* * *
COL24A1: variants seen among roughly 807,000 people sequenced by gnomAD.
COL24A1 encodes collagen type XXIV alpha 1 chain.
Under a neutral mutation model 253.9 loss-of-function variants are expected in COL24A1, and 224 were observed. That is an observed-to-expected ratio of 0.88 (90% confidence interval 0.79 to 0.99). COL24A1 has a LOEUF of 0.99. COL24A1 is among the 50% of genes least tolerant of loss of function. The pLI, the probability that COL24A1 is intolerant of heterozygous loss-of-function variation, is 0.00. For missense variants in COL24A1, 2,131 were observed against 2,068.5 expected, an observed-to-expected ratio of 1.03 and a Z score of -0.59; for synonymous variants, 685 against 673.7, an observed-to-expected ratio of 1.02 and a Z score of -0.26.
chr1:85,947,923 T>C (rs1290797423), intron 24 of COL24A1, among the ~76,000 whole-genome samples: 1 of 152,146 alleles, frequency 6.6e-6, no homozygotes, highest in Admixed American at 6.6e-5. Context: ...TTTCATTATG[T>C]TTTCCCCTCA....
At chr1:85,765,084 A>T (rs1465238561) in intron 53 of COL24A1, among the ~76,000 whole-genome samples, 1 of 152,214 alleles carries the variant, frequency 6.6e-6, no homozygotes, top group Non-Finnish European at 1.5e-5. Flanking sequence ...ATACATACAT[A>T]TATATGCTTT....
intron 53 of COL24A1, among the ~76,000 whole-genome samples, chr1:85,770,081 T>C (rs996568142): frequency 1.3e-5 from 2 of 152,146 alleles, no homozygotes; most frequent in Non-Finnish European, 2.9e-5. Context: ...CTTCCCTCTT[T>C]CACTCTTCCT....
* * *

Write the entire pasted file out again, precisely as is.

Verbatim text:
COL24A1: variants seen among roughly 807,000 people sequenced by gnomAD.
COL24A1 encodes collagen type XXIV alpha 1 chain.
Under a neutral mutation model 253.9 loss-of-function variants are expected in COL24A1, and 224 were observed. That is an observed-to-expected ratio of 0.88 (90% confidence interval 0.79 to 0.99). COL24A1 has a LOEUF of 0.99. COL24A1 is among the 50% of genes least tolerant of loss of function. The pLI, the probability that COL24A1 is intolerant of heterozygous loss-of-function variation, is 0.00. For missense variants in COL24A1, 2,131 were observed against 2,068.5 expected, an observed-to-expected ratio of 1.03 and a Z score of -0.59; for synonymous variants, 685 against 673.7, an observed-to-expected ratio of 1.02 and a Z score of -0.26.
chr1:85,947,923 T>C (rs1290797423), intron 24 of COL24A1, among the ~76,000 whole-genome samples: 1 of 152,146 alleles, frequency 6.6e-6, no homozygotes, highest in Admixed American at 6.6e-5. Context: ...TTTCATTATG[T>C]TTTCCCCTCA....
At chr1:85,765,084 A>T (rs1465238561) in intron 53 of COL24A1, among the ~76,000 whole-genome samples, 1 of 152,214 alleles carries the variant, frequency 6.6e-6, no homozygotes, top group Non-Finnish European at 1.5e-5. Flanking sequence ...ATACATACAT[A>T]TATATGCTTT....
intron 53 of COL24A1, among the ~76,000 whole-genome samples, chr1:85,770,081 T>C (rs996568142): frequency 1.3e-5 from 2 of 152,146 alleles, no homozygotes; most frequent in Non-Finnish European, 2.9e-5. Context: ...CTTCCCTCTT[T>C]CACTCTTCCT....